I have always loved Pierre Lecarpentier‘s music’s ability to walk that fine line between familiar alt-rock and more experimental and adventurous urges. There is also a delicious dark design that drives his songs, perhaps not what you might call gothic; nothing of the theatrics and cliche that comes as the generic baggage of that world. But if not gothic, Dancer in the Dark is undoubtedly on nodding terms with such a sound.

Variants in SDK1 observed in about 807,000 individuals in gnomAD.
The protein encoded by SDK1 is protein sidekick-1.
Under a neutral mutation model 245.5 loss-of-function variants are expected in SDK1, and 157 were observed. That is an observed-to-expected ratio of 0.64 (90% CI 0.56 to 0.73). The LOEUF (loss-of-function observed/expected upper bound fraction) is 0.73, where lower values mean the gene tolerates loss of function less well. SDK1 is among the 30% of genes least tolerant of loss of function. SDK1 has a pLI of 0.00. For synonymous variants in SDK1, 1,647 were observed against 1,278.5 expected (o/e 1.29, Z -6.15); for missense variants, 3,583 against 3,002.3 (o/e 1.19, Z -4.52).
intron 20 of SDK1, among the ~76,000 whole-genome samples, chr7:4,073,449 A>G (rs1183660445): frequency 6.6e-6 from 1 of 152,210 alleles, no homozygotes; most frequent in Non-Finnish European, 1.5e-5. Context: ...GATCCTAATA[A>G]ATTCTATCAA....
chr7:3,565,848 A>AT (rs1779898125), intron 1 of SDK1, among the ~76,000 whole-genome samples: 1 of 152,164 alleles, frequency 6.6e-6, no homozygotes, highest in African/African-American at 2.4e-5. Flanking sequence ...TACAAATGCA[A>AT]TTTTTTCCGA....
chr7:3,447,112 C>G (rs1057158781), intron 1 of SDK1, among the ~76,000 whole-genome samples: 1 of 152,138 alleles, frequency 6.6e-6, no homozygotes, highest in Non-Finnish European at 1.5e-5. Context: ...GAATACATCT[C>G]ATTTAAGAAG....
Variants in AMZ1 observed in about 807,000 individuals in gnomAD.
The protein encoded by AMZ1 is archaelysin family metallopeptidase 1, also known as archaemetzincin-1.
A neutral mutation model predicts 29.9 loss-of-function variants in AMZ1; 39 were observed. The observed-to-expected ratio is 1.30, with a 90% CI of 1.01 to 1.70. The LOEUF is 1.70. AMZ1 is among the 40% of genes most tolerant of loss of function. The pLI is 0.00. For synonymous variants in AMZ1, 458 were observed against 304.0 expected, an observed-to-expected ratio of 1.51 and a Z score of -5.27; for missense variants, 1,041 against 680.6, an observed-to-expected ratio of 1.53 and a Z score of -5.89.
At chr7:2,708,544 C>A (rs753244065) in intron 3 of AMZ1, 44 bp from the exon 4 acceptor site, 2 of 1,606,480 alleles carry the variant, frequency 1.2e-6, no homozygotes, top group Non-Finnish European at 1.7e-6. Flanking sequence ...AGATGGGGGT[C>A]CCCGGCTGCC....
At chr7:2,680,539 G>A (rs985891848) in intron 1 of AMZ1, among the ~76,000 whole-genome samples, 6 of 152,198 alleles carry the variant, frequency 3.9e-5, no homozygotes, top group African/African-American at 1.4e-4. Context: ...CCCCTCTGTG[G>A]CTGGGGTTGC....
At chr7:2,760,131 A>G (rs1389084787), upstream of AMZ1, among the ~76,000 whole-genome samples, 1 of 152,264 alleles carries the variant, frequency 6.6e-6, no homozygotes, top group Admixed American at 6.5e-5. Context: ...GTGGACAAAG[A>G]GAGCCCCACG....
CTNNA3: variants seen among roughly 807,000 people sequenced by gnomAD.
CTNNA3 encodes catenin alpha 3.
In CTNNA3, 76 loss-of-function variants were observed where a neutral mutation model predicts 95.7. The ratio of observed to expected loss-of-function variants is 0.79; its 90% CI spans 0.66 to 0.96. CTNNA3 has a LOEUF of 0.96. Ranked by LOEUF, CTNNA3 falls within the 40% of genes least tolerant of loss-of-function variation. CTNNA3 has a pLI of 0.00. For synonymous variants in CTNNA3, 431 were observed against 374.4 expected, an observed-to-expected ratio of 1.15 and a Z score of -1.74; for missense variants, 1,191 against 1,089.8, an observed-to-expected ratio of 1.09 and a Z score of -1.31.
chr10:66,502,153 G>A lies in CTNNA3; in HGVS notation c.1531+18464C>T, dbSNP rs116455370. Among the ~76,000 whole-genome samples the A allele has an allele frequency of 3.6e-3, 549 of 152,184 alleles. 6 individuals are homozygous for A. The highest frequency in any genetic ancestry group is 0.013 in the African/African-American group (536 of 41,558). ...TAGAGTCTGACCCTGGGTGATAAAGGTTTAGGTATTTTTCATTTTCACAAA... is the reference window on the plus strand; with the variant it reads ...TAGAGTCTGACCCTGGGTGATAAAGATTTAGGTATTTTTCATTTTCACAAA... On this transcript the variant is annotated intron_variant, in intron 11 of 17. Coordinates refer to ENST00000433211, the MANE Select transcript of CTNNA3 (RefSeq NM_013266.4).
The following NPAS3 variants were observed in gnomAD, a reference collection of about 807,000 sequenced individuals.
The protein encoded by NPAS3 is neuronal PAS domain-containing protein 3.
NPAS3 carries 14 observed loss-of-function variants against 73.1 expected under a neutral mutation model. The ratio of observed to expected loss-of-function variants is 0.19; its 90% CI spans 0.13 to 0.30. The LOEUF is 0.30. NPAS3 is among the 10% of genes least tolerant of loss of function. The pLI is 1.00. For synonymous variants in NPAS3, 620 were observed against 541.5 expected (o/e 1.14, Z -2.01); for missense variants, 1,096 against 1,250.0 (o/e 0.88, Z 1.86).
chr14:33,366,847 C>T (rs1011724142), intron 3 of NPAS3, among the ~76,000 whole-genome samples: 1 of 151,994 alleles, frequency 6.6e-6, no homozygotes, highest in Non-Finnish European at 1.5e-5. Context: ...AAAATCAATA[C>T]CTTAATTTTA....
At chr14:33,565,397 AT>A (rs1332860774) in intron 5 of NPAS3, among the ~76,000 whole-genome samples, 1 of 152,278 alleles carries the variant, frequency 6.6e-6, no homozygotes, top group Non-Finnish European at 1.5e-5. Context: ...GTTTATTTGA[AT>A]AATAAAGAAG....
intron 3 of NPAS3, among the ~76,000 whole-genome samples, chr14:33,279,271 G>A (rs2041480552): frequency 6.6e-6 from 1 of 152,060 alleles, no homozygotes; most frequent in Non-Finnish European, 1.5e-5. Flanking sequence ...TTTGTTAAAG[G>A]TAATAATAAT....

It is a song built of spiralling and raw guitar riffs, relentless and hypnotic beats and rhythms, dense and cavernous walls of sound, moving from the incendiary to the truly intense as the song builds towards its crescendoing conclusion. And all of this is shot through with small, staccato sound bites, chiming ricochetted motifs that act as a creative balance.
As always, there is something unique in the music but just as much a familiar sound being toyed with, drawing a line from early post-punk pioneers to today’s dark, textured and heavy rock adventurers.